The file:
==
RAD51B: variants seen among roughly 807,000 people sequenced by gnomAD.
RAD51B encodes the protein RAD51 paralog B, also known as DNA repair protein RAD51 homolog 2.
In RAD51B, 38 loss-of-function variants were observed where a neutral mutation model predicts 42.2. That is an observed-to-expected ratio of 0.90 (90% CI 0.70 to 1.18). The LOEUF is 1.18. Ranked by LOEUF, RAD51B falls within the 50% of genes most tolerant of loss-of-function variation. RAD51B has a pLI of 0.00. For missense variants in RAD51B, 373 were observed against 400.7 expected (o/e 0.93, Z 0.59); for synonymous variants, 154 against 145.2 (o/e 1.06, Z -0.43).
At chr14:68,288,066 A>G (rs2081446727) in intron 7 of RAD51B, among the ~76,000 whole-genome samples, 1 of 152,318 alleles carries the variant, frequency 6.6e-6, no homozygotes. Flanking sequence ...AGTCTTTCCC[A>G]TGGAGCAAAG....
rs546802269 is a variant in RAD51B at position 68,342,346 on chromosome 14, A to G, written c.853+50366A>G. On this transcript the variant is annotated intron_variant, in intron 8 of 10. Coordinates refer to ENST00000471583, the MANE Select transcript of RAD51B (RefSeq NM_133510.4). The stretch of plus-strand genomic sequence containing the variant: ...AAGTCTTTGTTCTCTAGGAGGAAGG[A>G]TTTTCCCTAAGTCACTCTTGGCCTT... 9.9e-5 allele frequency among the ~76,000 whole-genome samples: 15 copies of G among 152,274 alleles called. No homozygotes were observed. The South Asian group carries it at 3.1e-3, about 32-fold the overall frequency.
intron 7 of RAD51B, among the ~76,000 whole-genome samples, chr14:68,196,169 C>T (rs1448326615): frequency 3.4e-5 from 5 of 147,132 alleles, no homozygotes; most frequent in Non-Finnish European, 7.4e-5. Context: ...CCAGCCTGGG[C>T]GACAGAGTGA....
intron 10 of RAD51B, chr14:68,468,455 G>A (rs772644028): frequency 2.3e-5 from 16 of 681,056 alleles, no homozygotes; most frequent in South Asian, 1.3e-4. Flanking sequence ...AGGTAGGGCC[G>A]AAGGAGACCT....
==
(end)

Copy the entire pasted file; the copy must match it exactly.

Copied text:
RAD51B: variants seen among roughly 807,000 people sequenced by gnomAD.
RAD51B encodes the protein RAD51 paralog B, also known as DNA repair protein RAD51 homolog 2.
In RAD51B, 38 loss-of-function variants were observed where a neutral mutation model predicts 42.2. That is an observed-to-expected ratio of 0.90 (90% CI 0.70 to 1.18). The LOEUF is 1.18. Ranked by LOEUF, RAD51B falls within the 50% of genes most tolerant of loss-of-function variation. RAD51B has a pLI of 0.00. For missense variants in RAD51B, 373 were observed against 400.7 expected (o/e 0.93, Z 0.59); for synonymous variants, 154 against 145.2 (o/e 1.06, Z -0.43).
At chr14:68,288,066 A>G (rs2081446727) in intron 7 of RAD51B, among the ~76,000 whole-genome samples, 1 of 152,318 alleles carries the variant, frequency 6.6e-6, no homozygotes. Flanking sequence ...AGTCTTTCCC[A>G]TGGAGCAAAG....
rs546802269 is a variant in RAD51B at position 68,342,346 on chromosome 14, A to G, written c.853+50366A>G. On this transcript the variant is annotated intron_variant, in intron 8 of 10. Coordinates refer to ENST00000471583, the MANE Select transcript of RAD51B (RefSeq NM_133510.4). The stretch of plus-strand genomic sequence containing the variant: ...AAGTCTTTGTTCTCTAGGAGGAAGG[A>G]TTTTCCCTAAGTCACTCTTGGCCTT... 9.9e-5 allele frequency among the ~76,000 whole-genome samples: 15 copies of G among 152,274 alleles called. No homozygotes were observed. The South Asian group carries it at 3.1e-3, about 32-fold the overall frequency.
intron 7 of RAD51B, among the ~76,000 whole-genome samples, chr14:68,196,169 C>T (rs1448326615): frequency 3.4e-5 from 5 of 147,132 alleles, no homozygotes; most frequent in Non-Finnish European, 7.4e-5. Context: ...CCAGCCTGGG[C>T]GACAGAGTGA....
intron 10 of RAD51B, chr14:68,468,455 G>A (rs772644028): frequency 2.3e-5 from 16 of 681,056 alleles, no homozygotes; most frequent in South Asian, 1.3e-4. Flanking sequence ...AGGTAGGGCC[G>A]AAGGAGACCT....